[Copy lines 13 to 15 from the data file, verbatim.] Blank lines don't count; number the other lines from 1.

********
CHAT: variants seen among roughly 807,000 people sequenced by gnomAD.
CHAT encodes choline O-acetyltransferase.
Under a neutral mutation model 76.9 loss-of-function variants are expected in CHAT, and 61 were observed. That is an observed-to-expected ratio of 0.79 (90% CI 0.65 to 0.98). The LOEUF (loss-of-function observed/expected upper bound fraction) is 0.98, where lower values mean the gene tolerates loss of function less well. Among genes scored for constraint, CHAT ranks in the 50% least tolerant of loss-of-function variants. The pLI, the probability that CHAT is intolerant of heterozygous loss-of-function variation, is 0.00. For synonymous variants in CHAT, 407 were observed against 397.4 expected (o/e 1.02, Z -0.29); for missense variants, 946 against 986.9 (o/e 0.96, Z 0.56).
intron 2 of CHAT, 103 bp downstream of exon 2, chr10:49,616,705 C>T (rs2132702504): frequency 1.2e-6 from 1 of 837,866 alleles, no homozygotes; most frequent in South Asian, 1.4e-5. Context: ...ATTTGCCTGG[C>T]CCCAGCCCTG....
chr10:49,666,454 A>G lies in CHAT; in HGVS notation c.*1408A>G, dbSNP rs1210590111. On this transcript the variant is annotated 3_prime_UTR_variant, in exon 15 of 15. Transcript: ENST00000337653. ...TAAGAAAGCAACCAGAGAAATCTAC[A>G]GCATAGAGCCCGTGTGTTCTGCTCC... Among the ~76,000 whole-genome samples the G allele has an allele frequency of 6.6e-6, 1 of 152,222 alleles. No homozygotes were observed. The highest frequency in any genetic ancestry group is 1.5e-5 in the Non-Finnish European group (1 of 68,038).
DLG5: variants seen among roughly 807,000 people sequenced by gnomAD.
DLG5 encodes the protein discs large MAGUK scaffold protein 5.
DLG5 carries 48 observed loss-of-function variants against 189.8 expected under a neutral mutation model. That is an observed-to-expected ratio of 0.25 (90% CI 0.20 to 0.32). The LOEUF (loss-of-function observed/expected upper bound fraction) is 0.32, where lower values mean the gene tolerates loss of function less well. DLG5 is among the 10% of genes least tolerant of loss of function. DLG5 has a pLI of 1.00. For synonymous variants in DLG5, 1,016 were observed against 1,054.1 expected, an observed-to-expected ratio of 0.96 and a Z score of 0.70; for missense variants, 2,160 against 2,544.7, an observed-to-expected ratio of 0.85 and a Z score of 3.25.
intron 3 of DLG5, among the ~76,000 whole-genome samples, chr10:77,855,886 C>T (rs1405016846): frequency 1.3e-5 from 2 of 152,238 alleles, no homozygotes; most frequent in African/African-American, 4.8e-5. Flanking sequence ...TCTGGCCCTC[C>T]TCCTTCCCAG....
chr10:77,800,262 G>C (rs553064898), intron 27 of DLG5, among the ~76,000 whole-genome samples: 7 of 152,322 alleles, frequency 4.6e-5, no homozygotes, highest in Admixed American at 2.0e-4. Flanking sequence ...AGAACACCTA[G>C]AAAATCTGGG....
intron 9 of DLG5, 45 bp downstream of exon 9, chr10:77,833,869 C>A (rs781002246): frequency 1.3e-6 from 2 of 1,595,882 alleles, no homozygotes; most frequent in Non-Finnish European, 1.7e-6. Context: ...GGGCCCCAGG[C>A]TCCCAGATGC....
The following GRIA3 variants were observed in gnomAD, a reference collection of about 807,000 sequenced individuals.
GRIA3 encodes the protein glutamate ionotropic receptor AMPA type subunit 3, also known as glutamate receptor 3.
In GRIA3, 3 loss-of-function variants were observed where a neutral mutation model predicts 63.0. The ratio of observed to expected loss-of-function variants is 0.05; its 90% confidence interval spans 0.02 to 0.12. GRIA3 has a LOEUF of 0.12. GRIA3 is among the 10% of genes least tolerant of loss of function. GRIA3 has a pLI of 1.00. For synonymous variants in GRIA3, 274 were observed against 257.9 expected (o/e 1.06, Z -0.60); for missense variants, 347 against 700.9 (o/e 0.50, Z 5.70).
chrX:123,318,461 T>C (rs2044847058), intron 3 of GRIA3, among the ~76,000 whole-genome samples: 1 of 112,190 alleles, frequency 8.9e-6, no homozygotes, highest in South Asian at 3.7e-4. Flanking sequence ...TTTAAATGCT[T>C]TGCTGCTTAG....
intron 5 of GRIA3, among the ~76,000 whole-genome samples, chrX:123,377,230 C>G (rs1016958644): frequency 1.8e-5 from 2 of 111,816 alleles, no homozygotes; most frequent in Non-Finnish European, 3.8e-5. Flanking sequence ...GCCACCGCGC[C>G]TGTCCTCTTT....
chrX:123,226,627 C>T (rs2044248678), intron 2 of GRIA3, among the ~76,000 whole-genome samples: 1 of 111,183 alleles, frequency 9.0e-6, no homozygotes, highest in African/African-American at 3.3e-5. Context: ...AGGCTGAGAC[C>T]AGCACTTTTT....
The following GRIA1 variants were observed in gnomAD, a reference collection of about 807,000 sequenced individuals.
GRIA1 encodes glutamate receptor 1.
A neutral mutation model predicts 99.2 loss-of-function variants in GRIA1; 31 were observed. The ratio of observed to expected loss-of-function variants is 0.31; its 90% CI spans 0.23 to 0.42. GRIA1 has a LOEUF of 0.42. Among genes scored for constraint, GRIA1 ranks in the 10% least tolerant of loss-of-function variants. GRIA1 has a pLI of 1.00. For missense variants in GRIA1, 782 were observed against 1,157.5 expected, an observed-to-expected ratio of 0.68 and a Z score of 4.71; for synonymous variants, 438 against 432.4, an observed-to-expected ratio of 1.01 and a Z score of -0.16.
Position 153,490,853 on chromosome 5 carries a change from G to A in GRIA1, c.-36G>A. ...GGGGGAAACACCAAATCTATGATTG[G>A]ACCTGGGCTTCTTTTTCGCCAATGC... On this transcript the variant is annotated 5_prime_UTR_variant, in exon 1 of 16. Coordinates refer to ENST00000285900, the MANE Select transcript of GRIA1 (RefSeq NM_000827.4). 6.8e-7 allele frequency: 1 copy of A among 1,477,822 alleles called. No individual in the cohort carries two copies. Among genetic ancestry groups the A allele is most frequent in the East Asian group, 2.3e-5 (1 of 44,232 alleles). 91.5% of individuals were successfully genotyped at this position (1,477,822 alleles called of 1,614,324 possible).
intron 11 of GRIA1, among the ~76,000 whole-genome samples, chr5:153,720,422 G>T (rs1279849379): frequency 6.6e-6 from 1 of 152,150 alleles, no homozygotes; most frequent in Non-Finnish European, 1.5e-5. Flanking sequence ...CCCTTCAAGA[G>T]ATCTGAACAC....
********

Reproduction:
GRIA3 encodes the protein glutamate ionotropic receptor AMPA type subunit 3, also known as glutamate receptor 3.
In GRIA3, 3 loss-of-function variants were observed where a neutral mutation model predicts 63.0. The ratio of observed to expected loss-of-function variants is 0.05; its 90% confidence interval spans 0.02 to 0.12. GRIA3 has a LOEUF of 0.12. GRIA3 is among the 10% of genes least tolerant of loss of function. GRIA3 has a pLI of 1.00. For synonymous variants in GRIA3, 274 were observed against 257.9 expected (o/e 1.06, Z -0.60); for missense variants, 347 against 700.9 (o/e 0.50, Z 5.70).
chrX:123,318,461 T>C (rs2044847058), intron 3 of GRIA3, among the ~76,000 whole-genome samples: 1 of 112,190 alleles, frequency 8.9e-6, no homozygotes, highest in South Asian at 3.7e-4. Flanking sequence ...TTTAAATGCT[T>C]TGCTGCTTAG....